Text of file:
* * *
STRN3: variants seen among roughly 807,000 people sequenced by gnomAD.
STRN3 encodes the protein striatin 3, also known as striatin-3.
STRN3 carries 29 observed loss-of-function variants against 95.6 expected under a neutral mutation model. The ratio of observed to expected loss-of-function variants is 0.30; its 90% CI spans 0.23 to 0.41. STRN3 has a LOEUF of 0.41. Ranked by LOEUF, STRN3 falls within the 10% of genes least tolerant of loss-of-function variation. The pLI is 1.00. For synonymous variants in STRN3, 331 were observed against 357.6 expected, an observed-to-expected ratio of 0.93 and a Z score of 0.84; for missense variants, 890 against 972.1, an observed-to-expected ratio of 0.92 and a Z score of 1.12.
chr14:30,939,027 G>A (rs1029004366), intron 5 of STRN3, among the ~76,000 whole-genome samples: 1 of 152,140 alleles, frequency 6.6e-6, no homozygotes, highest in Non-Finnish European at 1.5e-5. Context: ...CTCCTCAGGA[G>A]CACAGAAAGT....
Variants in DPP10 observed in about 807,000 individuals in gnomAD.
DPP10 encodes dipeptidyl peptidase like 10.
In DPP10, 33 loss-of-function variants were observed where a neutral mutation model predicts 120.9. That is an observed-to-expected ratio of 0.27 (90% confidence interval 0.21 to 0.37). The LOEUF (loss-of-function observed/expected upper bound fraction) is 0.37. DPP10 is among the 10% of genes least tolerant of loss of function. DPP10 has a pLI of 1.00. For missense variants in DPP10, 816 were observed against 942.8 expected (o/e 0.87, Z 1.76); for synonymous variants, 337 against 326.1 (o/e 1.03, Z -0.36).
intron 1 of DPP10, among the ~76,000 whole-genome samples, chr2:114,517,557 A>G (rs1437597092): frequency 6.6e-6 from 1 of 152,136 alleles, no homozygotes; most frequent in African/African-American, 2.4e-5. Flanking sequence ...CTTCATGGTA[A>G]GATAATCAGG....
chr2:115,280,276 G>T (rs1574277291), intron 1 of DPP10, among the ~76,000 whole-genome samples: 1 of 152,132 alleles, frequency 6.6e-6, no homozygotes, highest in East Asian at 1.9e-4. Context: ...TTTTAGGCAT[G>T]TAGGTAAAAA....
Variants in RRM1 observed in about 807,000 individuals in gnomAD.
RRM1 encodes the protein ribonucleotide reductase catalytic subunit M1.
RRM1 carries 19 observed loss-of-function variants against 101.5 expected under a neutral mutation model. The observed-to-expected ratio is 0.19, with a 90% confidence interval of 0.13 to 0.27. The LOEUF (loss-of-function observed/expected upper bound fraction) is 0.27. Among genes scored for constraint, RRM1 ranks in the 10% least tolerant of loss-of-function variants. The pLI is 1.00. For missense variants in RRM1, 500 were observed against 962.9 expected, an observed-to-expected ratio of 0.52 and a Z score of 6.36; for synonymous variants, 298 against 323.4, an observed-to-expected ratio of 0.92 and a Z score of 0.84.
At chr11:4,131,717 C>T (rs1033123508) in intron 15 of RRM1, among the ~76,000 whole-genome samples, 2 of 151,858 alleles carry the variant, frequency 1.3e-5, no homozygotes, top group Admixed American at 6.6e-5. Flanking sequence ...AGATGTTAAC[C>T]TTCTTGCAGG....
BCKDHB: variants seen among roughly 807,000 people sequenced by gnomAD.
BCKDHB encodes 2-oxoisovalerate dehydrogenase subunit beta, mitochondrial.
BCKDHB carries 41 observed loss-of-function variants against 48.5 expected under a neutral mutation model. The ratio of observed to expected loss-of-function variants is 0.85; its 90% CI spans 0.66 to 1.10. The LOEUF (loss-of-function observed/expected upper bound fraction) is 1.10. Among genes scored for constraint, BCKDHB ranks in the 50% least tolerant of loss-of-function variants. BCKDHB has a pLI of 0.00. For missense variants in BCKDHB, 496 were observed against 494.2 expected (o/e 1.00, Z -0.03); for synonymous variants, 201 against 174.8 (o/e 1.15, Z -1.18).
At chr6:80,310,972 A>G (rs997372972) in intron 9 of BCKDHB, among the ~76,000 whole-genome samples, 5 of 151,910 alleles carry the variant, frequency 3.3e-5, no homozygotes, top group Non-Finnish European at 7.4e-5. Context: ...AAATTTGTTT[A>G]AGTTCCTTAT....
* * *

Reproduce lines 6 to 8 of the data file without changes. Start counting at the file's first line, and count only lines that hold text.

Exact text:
DPP10 encodes dipeptidyl peptidase like 10.
In DPP10, 33 loss-of-function variants were observed where a neutral mutation model predicts 120.9. That is an observed-to-expected ratio of 0.27 (90% confidence interval 0.21 to 0.37). The LOEUF (loss-of-function observed/expected upper bound fraction) is 0.37. DPP10 is among the 10% of genes least tolerant of loss of function. DPP10 has a pLI of 1.00. For missense variants in DPP10, 816 were observed against 942.8 expected (o/e 0.87, Z 1.76); for synonymous variants, 337 against 326.1 (o/e 1.03, Z -0.36).
intron 1 of DPP10, among the ~76,000 whole-genome samples, chr2:114,517,557 A>G (rs1437597092): frequency 6.6e-6 from 1 of 152,136 alleles, no homozygotes; most frequent in African/African-American, 2.4e-5. Flanking sequence ...CTTCATGGTA[A>G]GATAATCAGG....